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February 13, 2020

Macron's small steps environment policies

Emmanuel Macron is entering into the second half of his mandate with a new agenda to satisfy the left and the right by pursuing both environment and security as top priorities. The question, though, is how far he can go on environment without alienating the voters on the right, and on security without alienating the left. Macron is to unveil his first batch of measures in a working committee today, and some climate change measures at Mont Blanc tomorrow. He will meet the two leaders of the German Green party over the weekend. He is seeking to make small steps rather than radical change. There will be some measures for the Mont Blanc region and other protected areas. More measures will follow once climate change is discussed in the citizen forum in April. His problem is that he clearly lacks credibility and gravitas in this area.  

The security agenda is vaguely defined and full of pitfalls as well. Talking about migration or police easily ramps up emotions in the public debate. It will be a challenge for the government to define measures that are meaningful without polarising public opinion.

The president told his MPs yesterday that it would be better to be associated with five or ten simple subjects rather than getting lost in complexity. This seem to encapsulate what he himself is trying to do.

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February 13, 2020

On the loss of judicial or central banking independence

We noted complaints yesterday about the politicisation of the judiciary following on from comments by Geoffrey Cox, attorney general in the UK. We agree that this is happening, but think this is the inevitable consequences of courts themselves acting more politically than they used to. Most recently, we saw evidence of this happening in the UK and Italy. In the US this trend has been on going for much longer.

One example from the UK was Lady Hale’s triumphalist comments after the Supreme Court, over which she presided, declared Boris Johnson's prorogation of parliament null and void. We recall that shortly after the referendum she seemed to favour additional legal hurdles for the trigger of Art. 50. The Leave/Remain divide clearly affected the judiciary. That was also very clear from comments by the various legal bloggers and twitterers we follow. There were hyperventilating like everybody else. If legal views become clouded or overwhelmed by politics, the subsequent political backlash should come as no surprise. Independence is not a God-given right, but an arrangement that suits societies until it doesn’t.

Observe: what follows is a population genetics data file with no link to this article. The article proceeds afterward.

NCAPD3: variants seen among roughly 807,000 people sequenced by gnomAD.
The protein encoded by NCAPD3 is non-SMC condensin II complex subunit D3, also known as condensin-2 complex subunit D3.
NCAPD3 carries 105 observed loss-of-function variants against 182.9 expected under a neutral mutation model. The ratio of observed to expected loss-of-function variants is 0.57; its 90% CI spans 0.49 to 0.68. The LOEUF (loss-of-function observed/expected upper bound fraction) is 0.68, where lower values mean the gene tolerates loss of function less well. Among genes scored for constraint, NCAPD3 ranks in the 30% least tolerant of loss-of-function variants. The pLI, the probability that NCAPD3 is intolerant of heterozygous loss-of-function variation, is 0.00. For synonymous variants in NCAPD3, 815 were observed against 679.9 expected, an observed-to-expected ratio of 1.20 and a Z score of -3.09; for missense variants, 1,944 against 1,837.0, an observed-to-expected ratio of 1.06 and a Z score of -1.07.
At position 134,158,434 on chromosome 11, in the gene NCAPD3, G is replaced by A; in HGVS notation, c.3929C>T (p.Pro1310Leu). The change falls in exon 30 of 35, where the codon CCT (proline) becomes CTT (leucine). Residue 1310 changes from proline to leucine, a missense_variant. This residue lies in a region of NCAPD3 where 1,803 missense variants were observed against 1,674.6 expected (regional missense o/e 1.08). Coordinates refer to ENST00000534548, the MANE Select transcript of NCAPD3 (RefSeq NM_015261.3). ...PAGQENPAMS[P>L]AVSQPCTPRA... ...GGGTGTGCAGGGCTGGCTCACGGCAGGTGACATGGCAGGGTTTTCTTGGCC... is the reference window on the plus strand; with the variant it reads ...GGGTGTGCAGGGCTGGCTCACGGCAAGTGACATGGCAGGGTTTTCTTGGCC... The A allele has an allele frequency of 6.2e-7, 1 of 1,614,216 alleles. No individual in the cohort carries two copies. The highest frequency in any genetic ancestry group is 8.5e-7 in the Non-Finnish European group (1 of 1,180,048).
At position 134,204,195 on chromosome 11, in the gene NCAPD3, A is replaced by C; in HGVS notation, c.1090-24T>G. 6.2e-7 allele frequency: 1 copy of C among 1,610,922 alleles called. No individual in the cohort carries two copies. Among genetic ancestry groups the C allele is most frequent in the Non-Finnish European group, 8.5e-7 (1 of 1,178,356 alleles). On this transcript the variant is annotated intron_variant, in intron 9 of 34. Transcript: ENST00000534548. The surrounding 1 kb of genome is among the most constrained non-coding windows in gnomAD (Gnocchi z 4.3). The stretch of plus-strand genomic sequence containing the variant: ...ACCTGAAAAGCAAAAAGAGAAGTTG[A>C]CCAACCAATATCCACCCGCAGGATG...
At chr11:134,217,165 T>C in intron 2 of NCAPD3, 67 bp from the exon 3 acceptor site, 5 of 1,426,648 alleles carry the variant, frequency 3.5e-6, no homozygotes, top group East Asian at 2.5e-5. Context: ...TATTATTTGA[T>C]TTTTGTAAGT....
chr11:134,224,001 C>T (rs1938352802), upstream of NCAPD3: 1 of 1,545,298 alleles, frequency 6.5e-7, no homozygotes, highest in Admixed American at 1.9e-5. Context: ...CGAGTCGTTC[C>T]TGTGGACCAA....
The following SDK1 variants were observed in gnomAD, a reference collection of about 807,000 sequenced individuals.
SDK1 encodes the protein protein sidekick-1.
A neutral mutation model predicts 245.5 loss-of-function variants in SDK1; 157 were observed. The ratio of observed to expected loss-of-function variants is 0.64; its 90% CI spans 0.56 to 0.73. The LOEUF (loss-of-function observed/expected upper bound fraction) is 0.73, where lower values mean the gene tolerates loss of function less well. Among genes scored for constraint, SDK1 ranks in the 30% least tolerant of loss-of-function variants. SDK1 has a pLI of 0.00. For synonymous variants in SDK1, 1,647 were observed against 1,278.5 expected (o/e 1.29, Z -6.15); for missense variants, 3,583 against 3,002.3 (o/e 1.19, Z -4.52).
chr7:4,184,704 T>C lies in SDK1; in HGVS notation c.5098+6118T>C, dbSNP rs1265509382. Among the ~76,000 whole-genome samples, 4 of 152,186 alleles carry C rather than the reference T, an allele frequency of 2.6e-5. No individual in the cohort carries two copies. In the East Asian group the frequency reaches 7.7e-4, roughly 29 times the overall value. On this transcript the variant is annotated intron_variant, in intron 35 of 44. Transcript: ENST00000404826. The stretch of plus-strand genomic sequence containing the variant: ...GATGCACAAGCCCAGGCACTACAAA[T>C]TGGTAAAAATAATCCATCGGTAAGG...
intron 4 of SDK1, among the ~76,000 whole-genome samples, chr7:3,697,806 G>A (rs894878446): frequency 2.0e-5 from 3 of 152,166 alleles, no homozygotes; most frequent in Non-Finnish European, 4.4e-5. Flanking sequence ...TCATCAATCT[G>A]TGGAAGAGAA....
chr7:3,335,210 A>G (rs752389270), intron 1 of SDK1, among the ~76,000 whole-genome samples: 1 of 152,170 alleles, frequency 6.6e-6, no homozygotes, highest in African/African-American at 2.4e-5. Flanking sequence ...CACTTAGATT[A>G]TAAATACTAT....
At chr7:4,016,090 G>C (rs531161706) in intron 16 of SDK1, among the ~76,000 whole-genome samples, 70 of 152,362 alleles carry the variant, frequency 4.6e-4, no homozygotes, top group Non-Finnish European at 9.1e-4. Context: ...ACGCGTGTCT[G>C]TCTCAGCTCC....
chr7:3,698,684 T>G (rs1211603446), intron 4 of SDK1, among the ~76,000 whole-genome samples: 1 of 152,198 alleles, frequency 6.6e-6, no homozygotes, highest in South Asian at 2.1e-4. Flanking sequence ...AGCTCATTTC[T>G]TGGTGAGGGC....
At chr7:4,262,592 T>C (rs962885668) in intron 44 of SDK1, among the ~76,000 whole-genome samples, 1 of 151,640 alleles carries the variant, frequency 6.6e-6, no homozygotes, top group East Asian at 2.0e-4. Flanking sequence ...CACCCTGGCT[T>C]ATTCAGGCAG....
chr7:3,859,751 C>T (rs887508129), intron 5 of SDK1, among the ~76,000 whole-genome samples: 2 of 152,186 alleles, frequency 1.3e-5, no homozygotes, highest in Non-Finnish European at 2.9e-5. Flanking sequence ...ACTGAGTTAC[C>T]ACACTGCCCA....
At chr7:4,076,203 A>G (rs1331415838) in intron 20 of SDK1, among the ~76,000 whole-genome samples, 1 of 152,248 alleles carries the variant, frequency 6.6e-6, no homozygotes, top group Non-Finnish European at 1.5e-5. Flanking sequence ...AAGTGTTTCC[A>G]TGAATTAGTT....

Italy is the another country in Europe with a highly politicised judiciary. Yesterday, the Italian parliament voted in favour of lifting the political immunity of Matteo Salvini, after a prosecutor brought a criminal case against him over a decision he took as interior minister. We are not saying that politicians should be above the law, but we think that politically-motivated legal cases are dangerous. The case against Salvini will fuel endless conspiracy theories, and give him a political boost. We would not rule out a Polish-style backlash against Italy’s judicial system. Moreover, we would expect such a backlash to be deeply popular.

Our broad conclusion is that there is no space for absolute political independence in modern democracy. The US constitution gives a much clearer definition of the relationship between politics and the legal system. Judges and Justices are political appointments. Attorney generals are directly elected. But, once in office, they act independently. 

There are parallels to the world of central banking. In times when society has no consensus about what monetary policy should do, in contrast to the 1990s, it should come as no surprise that we have a debate on the politicisation of central banking as well. Mario Draghi’s backstop was a political decision. So would be any ECB support for climate change policies. The truth is that even independent central banks are part of government in the broader sense. And the courts are part of the democratic state.

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